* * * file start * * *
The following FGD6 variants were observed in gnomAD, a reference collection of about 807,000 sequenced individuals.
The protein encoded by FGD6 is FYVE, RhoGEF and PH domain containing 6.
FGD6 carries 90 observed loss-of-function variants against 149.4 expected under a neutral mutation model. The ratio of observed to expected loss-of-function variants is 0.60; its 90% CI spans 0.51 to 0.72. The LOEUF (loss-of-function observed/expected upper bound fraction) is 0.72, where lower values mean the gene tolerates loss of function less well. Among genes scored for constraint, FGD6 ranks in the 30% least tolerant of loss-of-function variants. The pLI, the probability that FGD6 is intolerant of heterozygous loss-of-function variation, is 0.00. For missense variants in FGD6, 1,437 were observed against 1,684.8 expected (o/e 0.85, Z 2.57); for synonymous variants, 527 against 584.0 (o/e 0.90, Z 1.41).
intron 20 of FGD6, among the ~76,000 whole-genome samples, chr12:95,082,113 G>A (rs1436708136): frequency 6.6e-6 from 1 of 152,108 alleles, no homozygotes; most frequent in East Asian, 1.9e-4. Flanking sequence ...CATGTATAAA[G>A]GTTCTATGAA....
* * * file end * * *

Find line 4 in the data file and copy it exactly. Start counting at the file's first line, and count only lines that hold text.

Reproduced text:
intron 20 of FGD6, among the ~76,000 whole-genome samples, chr12:95,082,113 G>A (rs1436708136): frequency 6.6e-6 from 1 of 152,108 alleles, no homozygotes; most frequent in East Asian, 1.9e-4. Flanking sequence ...CATGTATAAA[G>A]GTTCTATGAA....